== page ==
U.S. equities closed higher on Tuesday, led by utilities, as investors eagerly awaited the results of the U.S. presidential election.
“We’re trying to regain what we lost,” said Art Hogan, chief market strategist at Wunderlich Securities. “The concern [in the market] is we don’t get a consensus outcome,” where the Democrats keep the White House and take the Senate, while Republicans retain a majority in the House. “Any result outside of that … is a negative for the market.”
The Dow Jones industrial average rose more than 100 points before closing about 73 points higher with 3M, McDonald’s Travelers contributing the most gains. The index also broke above its 50-day moving average and traded lower earlier in the session.
That said, Adam Sarhan, CEO of 50 Park Investments, remained slightly cautious on Tuesday “because there could still be a Brexit scenario. Nobody knows what the outcome [of the election] is going to be.”
The S&P 500 gained 0.38 percent, as utilities gained around 0.7 percent, after briefly trading slightly lower. The index, which snapped its longest losing streak in almost 36 years on Monday, also briefly broke above its 50-day moving average for the first time since Oct. 10.
“I think people are starting to feel better about [the election],” said Robert Pavlik, chief market strategist at Boston Private Wealth. “I think people were looking for a reason to turn positive.”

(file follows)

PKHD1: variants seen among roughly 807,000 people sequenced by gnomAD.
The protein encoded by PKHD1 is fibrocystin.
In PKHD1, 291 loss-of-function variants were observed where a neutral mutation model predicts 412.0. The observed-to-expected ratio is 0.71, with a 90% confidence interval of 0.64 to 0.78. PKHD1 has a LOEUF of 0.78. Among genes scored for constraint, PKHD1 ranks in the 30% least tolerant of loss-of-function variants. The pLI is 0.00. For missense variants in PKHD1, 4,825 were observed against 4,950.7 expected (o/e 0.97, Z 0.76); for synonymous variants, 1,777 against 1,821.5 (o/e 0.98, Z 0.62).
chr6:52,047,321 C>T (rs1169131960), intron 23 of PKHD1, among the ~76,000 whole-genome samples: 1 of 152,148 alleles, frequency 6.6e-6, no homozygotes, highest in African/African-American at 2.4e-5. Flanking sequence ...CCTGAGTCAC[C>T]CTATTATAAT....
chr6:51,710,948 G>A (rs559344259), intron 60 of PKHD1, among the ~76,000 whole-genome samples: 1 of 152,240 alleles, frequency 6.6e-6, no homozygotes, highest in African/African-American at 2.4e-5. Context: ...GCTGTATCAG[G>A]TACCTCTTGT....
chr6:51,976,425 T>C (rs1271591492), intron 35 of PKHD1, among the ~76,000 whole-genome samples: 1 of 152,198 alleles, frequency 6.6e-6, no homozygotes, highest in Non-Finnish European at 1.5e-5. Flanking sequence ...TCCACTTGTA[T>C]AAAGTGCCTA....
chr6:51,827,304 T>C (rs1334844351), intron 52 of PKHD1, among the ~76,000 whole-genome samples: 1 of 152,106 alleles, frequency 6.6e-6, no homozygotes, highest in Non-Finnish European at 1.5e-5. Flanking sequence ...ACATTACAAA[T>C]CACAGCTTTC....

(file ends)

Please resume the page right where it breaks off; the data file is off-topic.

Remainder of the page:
The Nasdaq composite also erased earlier losses, rising 0.53 percent.
“The action today suggests the incumbent party has a strong chance of winning,” said Bruce Bittles, chief investment strategist at Baird.
Peter Cardillo, chief market economist at First Standard Financial, said that a surge in the Mexican peso may be improving sentiment in the U.S. stock market. The peso hit its highest level since Sept. 8 against the dollar and traded near 18.44. The Mexican peso has been considered a proxy trade for the U.S. election.
The CBOE Volatility Index (VIX), widely considered the best gauge of fear in the market, fell about 5 percent to trade near 17.9, after briefly trading higher. Other perceived safety trades turned around Tuesday.
Gold futures for December delivery, which fell more than $20 on Monday, settled $4.90 lower at $1,274.50 per ounce. U.S. Treasurys erased earlier gains on Tuesday, with the two-year note yield near 0.86 percent and the benchmark 10-year yield around 1.86 percent.
Polls started opening in the East Coast around 6 a.m. Tuesday, as one of the most contentious elections in recent memory came to a close. Financial markets around the world had been pricing in a victory for Democratic nominee Hillary Clinton over her Republican counterpart, Donald Trump.
Clinton had seen her lead on Trump narrow recently, after the FBI opened a new probe related to emails found on disgraced congressman Anthony Weiner’s computer. But on Sunday, FBI Director James Comey said the bureau had “not changed its conclusions,” reached in July, on Clinton’s private email server.
Financial markets rallied on the back of the news on Monday, with the three major U.S. indexes rising more than 2 percent and posting their best trading day since March 1.
Jeremy Klein, chief market strategist at FBN Securities, said in a note that “if the balance of power in Washington adheres to the status quo, then stocks could benefit from a classic Santa Claus rally.”